This was changed in 1943, after the realisation that the name which had graced the title page for so long, and which had been copied in Canada and Australia, had not dropped out of usage and was the common, and popular, term for the documents.
Adapted from Parliamentary Discourse.

“The Intertype”.


The Intertype which was the British knock-off of Mergenthaler’s Linotype was the backbone of the Old Guv’s production of Parliamentary Debates (Hansard) over many years.

It was a hot metal slug casting machine with a keyboard set-up all of its own.

In other words no qwerty keyboard!

On a hot day working with these machines and their hot metal pots turned on could be rather unpleasant, not to mention the noise of the brass matrices (mats) dropping down in into the Assembly stick.

But overall, very reliable and for a period of time revolutionised the trade of printing along with the Linotype, Ludlow Typograph and Monotype keyboard and caster.

“The Tunnel.”


Did you know there was an old railway tunnel just near the Old Guv?

Well there was! As far as I know it was built in 1886 to service the old Exhibition Building and the Exhibition Oval near Kintore Avenue.

My grandfather Cyril used to tell me that there was a tunnel under King William Road which continued on from the Adelaide Railway Station under King William Road onto the Exhibition Oval.

They held the Royal Adelaide Show there in the late 19th Century

This of course was in the days before the Royal Adelaide Showgrounds were built at Wayville.



The Wayzgoose.


The Annual Wayzgoose held at Victor Harbor in 1890.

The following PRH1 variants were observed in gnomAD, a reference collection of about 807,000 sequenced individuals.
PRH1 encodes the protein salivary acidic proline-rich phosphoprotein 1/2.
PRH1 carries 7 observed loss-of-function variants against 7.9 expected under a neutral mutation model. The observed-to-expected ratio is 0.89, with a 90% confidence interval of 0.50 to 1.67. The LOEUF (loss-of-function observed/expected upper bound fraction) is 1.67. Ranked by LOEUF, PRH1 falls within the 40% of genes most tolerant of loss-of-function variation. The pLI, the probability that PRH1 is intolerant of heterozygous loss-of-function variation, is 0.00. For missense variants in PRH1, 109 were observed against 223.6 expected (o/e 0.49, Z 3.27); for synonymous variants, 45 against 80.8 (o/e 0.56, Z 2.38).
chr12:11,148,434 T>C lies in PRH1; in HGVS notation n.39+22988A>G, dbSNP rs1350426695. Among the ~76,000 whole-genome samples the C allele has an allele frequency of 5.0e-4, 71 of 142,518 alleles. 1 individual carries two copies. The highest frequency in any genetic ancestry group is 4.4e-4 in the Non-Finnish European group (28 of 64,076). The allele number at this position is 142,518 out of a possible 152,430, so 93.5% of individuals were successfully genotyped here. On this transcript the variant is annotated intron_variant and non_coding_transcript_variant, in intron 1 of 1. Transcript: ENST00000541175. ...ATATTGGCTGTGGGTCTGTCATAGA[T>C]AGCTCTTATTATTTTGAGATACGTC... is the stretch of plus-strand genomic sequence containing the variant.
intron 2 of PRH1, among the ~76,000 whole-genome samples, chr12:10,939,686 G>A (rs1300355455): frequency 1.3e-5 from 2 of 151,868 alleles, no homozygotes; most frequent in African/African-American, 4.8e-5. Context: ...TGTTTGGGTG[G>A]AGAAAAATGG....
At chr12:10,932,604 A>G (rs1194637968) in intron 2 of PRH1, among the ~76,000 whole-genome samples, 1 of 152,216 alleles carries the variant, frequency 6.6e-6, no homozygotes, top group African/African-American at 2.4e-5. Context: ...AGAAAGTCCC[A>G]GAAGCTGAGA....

The Wayzgoose or Printer’s Picnic was celebrated at the Old Guv in King William Road for quite a number of years.
It was based on an old British custom where the men and boys (generally from the Composing Room) would gather once a year with their Master Printer for an excursion, dinner and a few ales.
They would travel in horse drawn drays to the country town of their choice or travel by steam train to places like Mount Barker, Willunga or Victor Harbor. It was a long day, generally not finishing until around 10 p.m.
They would gather in the local Pub for a slap up Dinner followed by speeches, readings and musical numbers performed by the tradesmen or boys.
The women or girls from the Office did not attend, until the late 1920s and it was never the same afterwards, so they say…
It slowly developed into the Office Picnic with races, events for the children and of course some boring speeches I have no doubt…


Stanhope Press lands in South Australia.

03_stanhope_press_98-97The first printing press which was landed with the Free Settlers of South Australia in late 1836 was a Stanhope (hand driven) Press, which was located in a crude tent occupied by the Thomas family on the North Bend of the “Paddywallunga” River at Glenelg.

The Stanhope Press was owned by Mr Robert Thomas and Mr George Stevenson, Secretary to Governor Hindmarsh, the State’s first Governor.

The Act of Proclamation and first Government Gazette had been printed in England some six months before the Settlers arrived. The Proclamation Ceremony was held at Glenelg in December, 1836.



The Captain of the ship that landed the Stanhope Press felt the metal type on board would make perfect ballast for his crossing of the treacherous Tasman Sea to Hobart.

A frustrated Robert Thomas was finally re-united with his precious cases of metal type some time after the first landing. In June, 1837, the second edition of the Government Gazette and Colonial Register was produced.

At that time the Printing Office had been moved to Hindley Street, Adelaide.


It’s Christmas…Again.


Those Mono blokes sure loved them Christmas Piss-Ups. But some present here don’t look as happy as they did in previous years.

But Why?

How about having a go at putting names to faces.

Photo Courtesy of the Korff Family.